The Canadian Forces webpage extolling the virtues of the F-35 Joint Strike Fighter is amply supplied with photos of the sleek jet silhouetted against crimson sunsets and streaking across scenic vistas. What else will one find there? An unusual caveat admitting the F-35 may never actually fly the colours of the Royal Canadian Air Force.
“This website may contain some information associated with the acquisition of Canada’s next fighter aircraft which may no longer be current,” the page says, a polite way of acknowledging the jet has become a black mark on defence procurement generally and an enormous political headache for the Conservative government.
Recent figures from a comprehensive KPMG audit put total procurement and maintenance costs for 65 F-35s at more than $40 billion. This has finally prompted the Conservative government to reconsider its fighter jet purchase. It’s a far cry from last year’s election campaign, when the Conservatives firmly declared the F-35 to be the only plane that could fulfill Canada’s needs, and at a total cost of $16 billion.
While the F-35 saga has properly been declared a fiasco, and further evidence of how Stephen Harper’s government has tried to run roughshod over Canada’s parliamentary structures, what’s been lost in this tale is the fact that Canada’s democratic institutions performed well, and are vigorously defending taxpayer interests.
The first legitimate concerns raised about the cost and procurement of the F-35, which was awarded without an open tender, came in October 2010, when Alan Williams, former assistant deputy minister of national defence, told a parliamentary committee the F-35 sole-source contract raised troubling issues of transparency, bias and the possibility that costs could rise uncontrollably.
From there the issue became political, taken up with much gusto by opposition party leaders Michael Ignatieff and Jack Layton. The Parliamentary Budget Officer later released a report putting the total cost at $29 billion over 30 years. And recall that the Harper government’s reluctance to release all cost data on the F-35 was one of the reasons behind the non-confidence motion that triggered the 2011 federal election.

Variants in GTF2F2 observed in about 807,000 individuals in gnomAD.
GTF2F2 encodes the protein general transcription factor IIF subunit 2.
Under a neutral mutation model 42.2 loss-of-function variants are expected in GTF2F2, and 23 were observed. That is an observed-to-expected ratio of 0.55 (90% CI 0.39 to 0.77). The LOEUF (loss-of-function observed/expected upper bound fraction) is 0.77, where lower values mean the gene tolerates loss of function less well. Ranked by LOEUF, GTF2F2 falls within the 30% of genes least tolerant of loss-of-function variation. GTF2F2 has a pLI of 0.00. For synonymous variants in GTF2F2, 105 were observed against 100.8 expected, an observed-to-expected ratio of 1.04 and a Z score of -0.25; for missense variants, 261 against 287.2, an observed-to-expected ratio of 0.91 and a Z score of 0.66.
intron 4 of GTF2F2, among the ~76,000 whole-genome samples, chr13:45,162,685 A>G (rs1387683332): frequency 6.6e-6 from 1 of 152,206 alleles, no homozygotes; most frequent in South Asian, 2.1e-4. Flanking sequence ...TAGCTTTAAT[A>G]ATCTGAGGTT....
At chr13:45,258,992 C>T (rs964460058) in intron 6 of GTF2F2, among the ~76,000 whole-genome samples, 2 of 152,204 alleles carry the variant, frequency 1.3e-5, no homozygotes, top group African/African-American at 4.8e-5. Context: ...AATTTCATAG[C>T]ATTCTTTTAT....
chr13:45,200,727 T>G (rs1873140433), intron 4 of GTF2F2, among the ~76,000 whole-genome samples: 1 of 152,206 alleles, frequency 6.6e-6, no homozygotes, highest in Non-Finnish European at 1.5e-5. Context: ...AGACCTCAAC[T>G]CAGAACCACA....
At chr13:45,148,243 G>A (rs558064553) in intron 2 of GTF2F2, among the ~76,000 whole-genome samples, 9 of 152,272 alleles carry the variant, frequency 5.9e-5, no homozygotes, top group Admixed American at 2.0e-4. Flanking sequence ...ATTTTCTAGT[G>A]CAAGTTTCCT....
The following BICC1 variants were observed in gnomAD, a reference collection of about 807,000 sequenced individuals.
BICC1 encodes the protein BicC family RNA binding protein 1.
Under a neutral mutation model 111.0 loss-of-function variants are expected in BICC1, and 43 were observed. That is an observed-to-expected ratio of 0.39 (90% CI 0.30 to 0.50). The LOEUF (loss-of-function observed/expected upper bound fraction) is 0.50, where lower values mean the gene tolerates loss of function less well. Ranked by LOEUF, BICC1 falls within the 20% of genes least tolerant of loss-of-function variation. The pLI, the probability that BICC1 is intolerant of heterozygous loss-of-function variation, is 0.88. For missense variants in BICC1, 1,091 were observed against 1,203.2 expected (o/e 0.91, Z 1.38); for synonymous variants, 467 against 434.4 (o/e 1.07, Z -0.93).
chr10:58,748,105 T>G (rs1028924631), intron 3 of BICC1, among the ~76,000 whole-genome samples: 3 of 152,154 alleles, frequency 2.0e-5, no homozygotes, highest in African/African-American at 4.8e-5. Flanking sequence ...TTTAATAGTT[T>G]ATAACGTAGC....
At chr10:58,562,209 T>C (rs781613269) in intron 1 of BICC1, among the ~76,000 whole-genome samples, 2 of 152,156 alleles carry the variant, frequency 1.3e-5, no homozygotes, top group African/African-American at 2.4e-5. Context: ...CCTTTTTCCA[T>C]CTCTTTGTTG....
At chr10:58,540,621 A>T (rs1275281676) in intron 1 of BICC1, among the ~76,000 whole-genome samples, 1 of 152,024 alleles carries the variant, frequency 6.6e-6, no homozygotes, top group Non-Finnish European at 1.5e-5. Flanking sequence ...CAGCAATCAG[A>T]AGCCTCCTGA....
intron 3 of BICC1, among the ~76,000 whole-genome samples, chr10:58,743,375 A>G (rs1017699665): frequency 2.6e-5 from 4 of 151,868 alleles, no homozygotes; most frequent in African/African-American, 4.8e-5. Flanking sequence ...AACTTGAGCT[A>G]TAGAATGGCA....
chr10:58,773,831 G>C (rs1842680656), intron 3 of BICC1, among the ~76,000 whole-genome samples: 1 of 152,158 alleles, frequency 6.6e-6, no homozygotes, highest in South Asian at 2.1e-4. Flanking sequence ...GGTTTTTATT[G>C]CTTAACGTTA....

Earlier this year, federal auditor general Michael Ferguson released another devastating report on the F-35 contract. Critical flaws cited by Ferguson included “significant weaknesses in the decision-making process used by national defence” and a lack of “due diligence” from bureaucratic oversight. It appears defence officials decided early on which plane they wanted and then carefully massaged the data to ensure their political bosses only saw information that bolstered their case. Necessary government oversight was nowhere to be seen.
Now, with the added opinion of the KPMG report, we find the all-in cost has blown past $40 billion. And the federal government has been forced to restart its search for jets to replace our aging CF-18s.
All this certainly looks like a fiasco. And the Harper government seems to have deliberately stonewalled and obfuscated throughout the process. Nonetheless the checks and balances of the parliamentary system did their job. Expert opinion at parliamentary committee hearings raised important issues. The media and opposition parties offered a full public airing to these concerns. Independent officers of Parliament, including the Parliamentary Budget Officer and auditor general, dug deeper into the issue and presented information that contradicted the government’s claims. Finally, mounting public pressure forced further investigations, such as the KPMG report. The final result: a hitherto resolute government was forced to cave, and in dramatic fashion.
And keep in mind that, according to the auditor general, only $335 million has been spent so far on the F-35 program. While still a lot of money, this is a small fraction of the expected total bill, whichever jet is ultimately selected. A bigger fiasco would have involved buying the F-35s for $16 billion, only to find out later the real bill was $40 billion or more.
There’s clearly much that needs fixing at Defence, to make no mention of the Harper government’s bizarre fixation with secrecy and message control. But the scrutiny and oversight of Parliament is still in good working order. In particular, the endless conflict between the Parliamentary Budget Officer and federal cabinet has once again proven to be a good thing for taxpayers. Plus, this episode ought to put paid to widespread complaints that the unilingual Ferguson was the wrong man for the job when he was hired as auditor general in 2011. The vigilance and independence of both offices are crucial to Canadian democracy, and both must remain free from political inference.
Now all we need to do is find the right fighter jet for Canada’s air force.